Defense Department Pushes Ahead With RFID Tests - InformationWeek

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12/15/2003
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Defense Department Pushes Ahead With RFID Tests

It's planning four pilot tests that will start in Feburary, but a department spokesman admits real returns are a few years away.

The Department of Defense is planning four pilots to test radio-frequency identification technology, Alan Estevez, assistant deputy undersecretary of defense for supply-chain integration, told InformationWeek on Monday. The tests, scheduled for February, are designed to let the department assess RFID as part of its October mandate that requires its suppliers to use passive RFID tags on the cases and pallets they deliver to the branches of the department by January 2005.

The Defense Department will test RFID on Meals Ready To Eat, the packaged food that soldiers eat in the field. The RFID tags will be put on cases and pallets at a military depot in California to keep track of the food as it arrives at the military installation and is shipped to soldiers in the field. The pilot also will test more sophisticated sensor technology that can document what happens to the food as it moves through the supply chain. "You don't want to have milk sitting out in the heat for too long, and this could tell you that," Estevez says.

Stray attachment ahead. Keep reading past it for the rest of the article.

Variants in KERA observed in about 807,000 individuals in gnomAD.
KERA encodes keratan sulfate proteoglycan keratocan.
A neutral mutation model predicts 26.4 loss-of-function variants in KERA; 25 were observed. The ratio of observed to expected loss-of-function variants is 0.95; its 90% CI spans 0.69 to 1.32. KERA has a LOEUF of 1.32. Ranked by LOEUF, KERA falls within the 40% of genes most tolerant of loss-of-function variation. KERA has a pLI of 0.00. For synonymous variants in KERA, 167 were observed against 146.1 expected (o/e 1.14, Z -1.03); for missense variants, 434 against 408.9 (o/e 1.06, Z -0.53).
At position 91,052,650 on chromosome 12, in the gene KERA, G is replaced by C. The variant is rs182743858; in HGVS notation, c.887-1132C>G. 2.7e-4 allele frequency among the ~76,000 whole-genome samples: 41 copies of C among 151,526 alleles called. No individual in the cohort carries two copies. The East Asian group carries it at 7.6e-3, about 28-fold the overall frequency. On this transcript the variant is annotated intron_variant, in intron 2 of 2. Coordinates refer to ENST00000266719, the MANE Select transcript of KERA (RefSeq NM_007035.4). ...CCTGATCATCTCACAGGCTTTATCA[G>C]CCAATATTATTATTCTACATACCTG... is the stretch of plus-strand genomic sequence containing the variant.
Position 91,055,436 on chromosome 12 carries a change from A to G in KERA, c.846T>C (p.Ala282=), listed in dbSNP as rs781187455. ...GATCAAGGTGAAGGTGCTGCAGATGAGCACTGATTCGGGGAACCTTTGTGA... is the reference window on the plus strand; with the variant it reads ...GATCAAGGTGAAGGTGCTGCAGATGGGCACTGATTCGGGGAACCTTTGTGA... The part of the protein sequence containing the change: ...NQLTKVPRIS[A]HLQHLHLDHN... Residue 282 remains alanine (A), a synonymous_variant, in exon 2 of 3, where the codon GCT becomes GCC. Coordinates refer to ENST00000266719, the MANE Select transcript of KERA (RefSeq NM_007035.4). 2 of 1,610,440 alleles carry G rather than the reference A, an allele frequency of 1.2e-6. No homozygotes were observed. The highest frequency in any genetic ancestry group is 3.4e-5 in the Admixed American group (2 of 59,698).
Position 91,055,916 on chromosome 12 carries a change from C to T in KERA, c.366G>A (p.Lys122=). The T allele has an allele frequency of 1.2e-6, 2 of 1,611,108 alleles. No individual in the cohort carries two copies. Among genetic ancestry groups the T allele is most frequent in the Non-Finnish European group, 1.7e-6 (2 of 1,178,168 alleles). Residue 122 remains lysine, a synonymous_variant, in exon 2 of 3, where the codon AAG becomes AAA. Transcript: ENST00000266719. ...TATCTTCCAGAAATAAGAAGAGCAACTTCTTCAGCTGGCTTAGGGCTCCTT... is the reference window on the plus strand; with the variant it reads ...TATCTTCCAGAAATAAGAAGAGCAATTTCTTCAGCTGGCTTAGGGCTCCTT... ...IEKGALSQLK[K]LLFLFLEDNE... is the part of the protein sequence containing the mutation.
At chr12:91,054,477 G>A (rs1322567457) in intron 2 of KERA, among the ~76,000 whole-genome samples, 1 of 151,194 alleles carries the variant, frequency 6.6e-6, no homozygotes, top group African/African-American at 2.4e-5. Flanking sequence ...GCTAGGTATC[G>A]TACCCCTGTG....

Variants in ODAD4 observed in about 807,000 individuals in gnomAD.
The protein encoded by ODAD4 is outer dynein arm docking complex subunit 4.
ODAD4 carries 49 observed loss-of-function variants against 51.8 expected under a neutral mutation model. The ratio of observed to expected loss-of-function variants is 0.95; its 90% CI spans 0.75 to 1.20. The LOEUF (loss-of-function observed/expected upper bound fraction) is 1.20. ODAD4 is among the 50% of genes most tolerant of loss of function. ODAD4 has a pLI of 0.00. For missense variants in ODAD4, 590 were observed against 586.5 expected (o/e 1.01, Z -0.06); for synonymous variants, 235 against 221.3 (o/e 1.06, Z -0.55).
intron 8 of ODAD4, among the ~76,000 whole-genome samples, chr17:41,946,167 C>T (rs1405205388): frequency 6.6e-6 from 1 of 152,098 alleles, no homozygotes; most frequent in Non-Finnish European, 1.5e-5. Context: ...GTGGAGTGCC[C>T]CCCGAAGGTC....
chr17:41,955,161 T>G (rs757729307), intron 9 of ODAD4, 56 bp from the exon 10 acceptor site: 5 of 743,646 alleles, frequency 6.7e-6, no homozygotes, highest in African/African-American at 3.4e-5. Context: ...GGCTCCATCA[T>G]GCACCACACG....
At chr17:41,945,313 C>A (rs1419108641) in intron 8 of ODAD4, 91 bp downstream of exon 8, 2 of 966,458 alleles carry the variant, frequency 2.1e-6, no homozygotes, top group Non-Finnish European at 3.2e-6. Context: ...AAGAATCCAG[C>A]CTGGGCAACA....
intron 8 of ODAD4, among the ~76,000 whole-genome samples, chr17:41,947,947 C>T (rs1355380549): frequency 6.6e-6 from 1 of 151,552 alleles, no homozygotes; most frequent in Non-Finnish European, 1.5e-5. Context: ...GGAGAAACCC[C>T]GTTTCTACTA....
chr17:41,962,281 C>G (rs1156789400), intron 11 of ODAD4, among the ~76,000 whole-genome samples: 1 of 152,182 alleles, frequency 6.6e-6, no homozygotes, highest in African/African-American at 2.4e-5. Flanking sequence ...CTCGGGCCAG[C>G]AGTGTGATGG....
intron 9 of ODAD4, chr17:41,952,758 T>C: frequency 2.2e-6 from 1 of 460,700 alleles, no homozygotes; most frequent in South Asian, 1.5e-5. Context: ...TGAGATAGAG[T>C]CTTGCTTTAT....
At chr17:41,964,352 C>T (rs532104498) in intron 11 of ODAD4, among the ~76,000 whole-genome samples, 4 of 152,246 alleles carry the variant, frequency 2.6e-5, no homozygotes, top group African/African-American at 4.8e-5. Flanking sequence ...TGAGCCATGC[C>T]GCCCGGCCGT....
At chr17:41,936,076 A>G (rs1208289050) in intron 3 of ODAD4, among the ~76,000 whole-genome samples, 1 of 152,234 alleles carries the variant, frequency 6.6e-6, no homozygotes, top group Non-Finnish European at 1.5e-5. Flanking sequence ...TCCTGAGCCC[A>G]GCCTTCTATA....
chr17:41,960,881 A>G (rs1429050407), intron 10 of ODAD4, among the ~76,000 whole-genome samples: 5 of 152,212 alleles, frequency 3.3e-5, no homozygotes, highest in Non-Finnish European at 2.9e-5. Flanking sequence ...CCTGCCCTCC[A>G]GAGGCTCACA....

The Defense Department also plans to test RFID tags on the suits soldiers wear to protect themselves from chemical and biological warfare, as well as to test tags on supplies that move from distribution centers to tactical forces. It also plans to work with its suppliers to test tags on items coming into the department. No locations have been decided for these three pilots.

The Defense Department and its suppliers will use the testing to help come up with a workable timeframe for RFID implementations. The department is still pushing to have its suppliers be RFID-ready by January 2005, but Estevez knows several hurdles still need to be overcome. RFID standards and cost issues still need to be ironed out, and most companies are still determining how they will integrate RFID with their back-end systems.

"This is more than just slapping tags on boxes," Estevez says. "You need to do an assessment of how you operate, of how you do business, and see where you can gain efficiencies from this technology."

The benefits are far greater than simply knowing where an item is within the supply chain. For example, having granular information regarding a product recall could save a company millions of dollars. "If a supplier needs to eat a full recall because they can't get down to that granularity, that's costly to them," Estevez says. And for the Defense Department, he adds, detailed information on a recall has even more importance than cost.

Estevez acknowledges that real returns on RFID investments are likely a few years out. But that won't stop the Department of Defense. "We owe it to the soldier, sailor, or marine on the battlefield. They go into harm's way to defend our democracy, and we owe them the best supply chain possible," he says. "The other constituent we owe it to is the American taxpayer."

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